Intel Hades Canyon NUC 8 ReviewSeptember 28, 2020
With the Intel Hades Canyon NUC 8 (Next Level of Computing) you get a flexible and highly mobile mini-PC that you can plug anywhere! Plug it in at the office for work-related activities, or go over to your buddy’s house and plug your system in there for a gaming extravaganza. It’s also a great rig for a LAN party.
This system, is powered by a 4-core Intel processor plus, it features discrete AMD graphics. It may be smaller than a bread box at 1.2 liters, but make no mistake, this is the bread NOT the box. OK, let’s NUC it up!
Although it’s small in size, this system delivers the goods with an 8th generation Core i7 processor. Intel has a bunch of NUCs to choose from. At this point the later generation Quartz Canyon NUC 9 or NUC 9 Extreme version Ghost Canyon, offers various levels of performance with either a Core i3, all the way to the Core i9 processor.
Let’s not talk about the Frost Canyon NUC 10, which was just released on the heels of the NUC 9, we’ll get to that in another video. But, we’re getting a little ahead of ourselves, we’re still on Hades Canyon NUC 8.
NUC 8 Enthusiast v.s Business Version
The Hades Canyon NUC 8 is an upgrade to the Skull Canyon NUC, which did not support overclocking like this one. There are two performance levels for Hades Canyon: the Enthusiast version is targeted at gamers with a slightly more powerful processor and graphics, and the Business version, the one we have, features a scaled back i7 processor and detuned Radeon RX Vega M GL GPU. They both look the same.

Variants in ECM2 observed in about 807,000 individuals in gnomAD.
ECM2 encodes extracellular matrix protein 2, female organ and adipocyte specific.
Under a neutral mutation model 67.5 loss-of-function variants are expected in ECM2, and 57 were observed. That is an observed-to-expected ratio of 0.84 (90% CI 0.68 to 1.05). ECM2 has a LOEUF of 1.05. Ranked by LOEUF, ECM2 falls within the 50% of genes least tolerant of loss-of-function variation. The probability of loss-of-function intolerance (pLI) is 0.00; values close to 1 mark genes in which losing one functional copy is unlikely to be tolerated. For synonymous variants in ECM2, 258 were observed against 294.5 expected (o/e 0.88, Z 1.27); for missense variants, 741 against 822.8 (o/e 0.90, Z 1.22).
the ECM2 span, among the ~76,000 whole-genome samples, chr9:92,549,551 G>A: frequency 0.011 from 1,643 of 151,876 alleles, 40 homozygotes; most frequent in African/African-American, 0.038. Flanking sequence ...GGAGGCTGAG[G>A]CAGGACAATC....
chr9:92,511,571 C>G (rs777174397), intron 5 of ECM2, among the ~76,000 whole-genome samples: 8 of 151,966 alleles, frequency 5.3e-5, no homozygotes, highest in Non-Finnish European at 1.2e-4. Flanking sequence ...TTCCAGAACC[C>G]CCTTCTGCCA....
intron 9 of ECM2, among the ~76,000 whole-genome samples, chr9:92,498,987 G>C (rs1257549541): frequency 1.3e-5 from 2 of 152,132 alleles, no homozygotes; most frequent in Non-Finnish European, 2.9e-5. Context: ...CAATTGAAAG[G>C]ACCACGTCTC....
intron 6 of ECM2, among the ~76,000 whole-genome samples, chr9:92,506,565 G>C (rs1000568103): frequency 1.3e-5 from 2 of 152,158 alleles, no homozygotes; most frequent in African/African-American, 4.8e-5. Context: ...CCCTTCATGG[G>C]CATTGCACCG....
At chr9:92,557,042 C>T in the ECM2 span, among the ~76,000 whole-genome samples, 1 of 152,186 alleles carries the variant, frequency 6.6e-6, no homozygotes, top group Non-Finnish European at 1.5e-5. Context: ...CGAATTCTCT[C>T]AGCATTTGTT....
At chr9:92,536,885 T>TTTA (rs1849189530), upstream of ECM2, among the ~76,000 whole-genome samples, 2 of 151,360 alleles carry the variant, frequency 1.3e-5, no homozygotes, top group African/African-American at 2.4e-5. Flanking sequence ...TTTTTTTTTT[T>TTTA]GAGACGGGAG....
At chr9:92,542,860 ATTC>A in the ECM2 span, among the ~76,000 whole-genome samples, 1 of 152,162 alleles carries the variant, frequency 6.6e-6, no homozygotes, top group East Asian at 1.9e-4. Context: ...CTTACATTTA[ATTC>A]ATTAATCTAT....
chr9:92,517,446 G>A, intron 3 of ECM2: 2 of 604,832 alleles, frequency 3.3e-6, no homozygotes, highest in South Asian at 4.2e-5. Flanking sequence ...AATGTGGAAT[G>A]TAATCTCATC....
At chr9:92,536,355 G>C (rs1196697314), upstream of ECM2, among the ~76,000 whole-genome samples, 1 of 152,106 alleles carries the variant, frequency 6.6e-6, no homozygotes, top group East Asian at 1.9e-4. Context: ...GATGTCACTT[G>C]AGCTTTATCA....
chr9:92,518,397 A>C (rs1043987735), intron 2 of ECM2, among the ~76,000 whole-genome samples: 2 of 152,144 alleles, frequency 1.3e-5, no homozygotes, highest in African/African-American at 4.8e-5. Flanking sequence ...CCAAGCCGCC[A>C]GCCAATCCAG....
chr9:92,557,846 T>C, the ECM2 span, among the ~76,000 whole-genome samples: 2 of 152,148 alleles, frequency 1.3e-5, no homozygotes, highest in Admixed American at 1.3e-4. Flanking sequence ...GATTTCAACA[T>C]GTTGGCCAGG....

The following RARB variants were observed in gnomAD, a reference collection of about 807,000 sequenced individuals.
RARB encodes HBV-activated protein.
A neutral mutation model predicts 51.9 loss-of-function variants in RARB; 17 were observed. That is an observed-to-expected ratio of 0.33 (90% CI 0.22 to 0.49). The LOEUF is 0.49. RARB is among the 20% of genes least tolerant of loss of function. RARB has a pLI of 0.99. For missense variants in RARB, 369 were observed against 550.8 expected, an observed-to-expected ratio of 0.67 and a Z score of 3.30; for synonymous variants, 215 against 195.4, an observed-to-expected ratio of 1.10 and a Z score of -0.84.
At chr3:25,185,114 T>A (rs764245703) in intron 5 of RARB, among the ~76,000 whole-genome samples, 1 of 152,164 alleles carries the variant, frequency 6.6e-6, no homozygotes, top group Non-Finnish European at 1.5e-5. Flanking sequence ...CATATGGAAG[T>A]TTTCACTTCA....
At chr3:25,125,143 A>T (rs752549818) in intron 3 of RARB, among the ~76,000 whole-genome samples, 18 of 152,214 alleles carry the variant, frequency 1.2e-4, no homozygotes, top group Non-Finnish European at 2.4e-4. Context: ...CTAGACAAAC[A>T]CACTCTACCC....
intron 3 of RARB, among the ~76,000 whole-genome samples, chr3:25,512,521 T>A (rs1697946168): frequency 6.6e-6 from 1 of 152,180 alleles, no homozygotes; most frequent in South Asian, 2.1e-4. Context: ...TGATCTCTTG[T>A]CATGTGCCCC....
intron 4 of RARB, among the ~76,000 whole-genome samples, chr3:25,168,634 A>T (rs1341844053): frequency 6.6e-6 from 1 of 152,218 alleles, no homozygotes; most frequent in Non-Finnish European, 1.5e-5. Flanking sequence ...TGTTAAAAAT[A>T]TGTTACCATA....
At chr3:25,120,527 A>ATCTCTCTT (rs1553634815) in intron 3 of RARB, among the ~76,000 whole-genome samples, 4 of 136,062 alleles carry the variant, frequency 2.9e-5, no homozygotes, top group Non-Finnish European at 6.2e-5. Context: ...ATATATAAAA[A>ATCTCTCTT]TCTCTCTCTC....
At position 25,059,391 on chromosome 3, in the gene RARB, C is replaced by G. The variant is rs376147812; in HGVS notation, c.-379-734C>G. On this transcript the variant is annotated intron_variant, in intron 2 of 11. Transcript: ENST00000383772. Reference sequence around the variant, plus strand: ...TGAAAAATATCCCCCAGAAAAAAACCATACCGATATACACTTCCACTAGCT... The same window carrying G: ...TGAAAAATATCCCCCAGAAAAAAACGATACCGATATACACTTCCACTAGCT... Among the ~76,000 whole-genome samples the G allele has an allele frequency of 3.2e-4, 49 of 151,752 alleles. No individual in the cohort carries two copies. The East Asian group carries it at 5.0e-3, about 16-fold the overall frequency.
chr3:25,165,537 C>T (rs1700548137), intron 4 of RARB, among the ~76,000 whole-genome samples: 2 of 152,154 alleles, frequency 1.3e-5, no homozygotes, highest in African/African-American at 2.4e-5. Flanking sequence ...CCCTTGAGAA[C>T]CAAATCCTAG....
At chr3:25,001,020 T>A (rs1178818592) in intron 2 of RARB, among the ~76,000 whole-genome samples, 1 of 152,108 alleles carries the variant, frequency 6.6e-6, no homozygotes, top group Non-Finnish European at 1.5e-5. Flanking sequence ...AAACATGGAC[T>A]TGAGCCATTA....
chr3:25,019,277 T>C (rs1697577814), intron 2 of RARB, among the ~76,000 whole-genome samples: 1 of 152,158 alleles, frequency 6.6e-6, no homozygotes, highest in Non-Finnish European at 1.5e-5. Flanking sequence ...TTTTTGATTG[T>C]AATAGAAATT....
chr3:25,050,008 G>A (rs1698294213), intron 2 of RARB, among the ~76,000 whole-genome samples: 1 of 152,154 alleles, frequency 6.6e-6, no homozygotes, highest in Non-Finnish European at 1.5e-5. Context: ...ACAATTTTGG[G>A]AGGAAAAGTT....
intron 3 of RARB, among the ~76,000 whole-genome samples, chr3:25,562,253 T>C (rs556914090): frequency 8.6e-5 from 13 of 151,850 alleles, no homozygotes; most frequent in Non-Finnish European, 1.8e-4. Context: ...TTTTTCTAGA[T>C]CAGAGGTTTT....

What kind of performance are we talking about here? Intel says it’s the smallest (or at least was…) NUC capable of triple-A gaming and 360 Degree video editing. AAA gaming meaning the good games and 360-degree video editing for well-rounded editing credentials.
NUC 8 Exterior Features
Marketing lingo aside, this unit is small measuring only 8.7” x 5.59” x 1.3” or about the size of a hardcover book. That said, the power brick is a little less than the size of the actual NUC 8. But even with that small form factor they squeezed in a lot of ports for peripheral devices.
It even has an SD card reader, and you can even change the RGB setting on the skull graphics panel or turn the graphic off when you’re trying to look professional. The system can be VESA mounted to the back of a monitor or the wall or under your desk!
Front and Rear Ports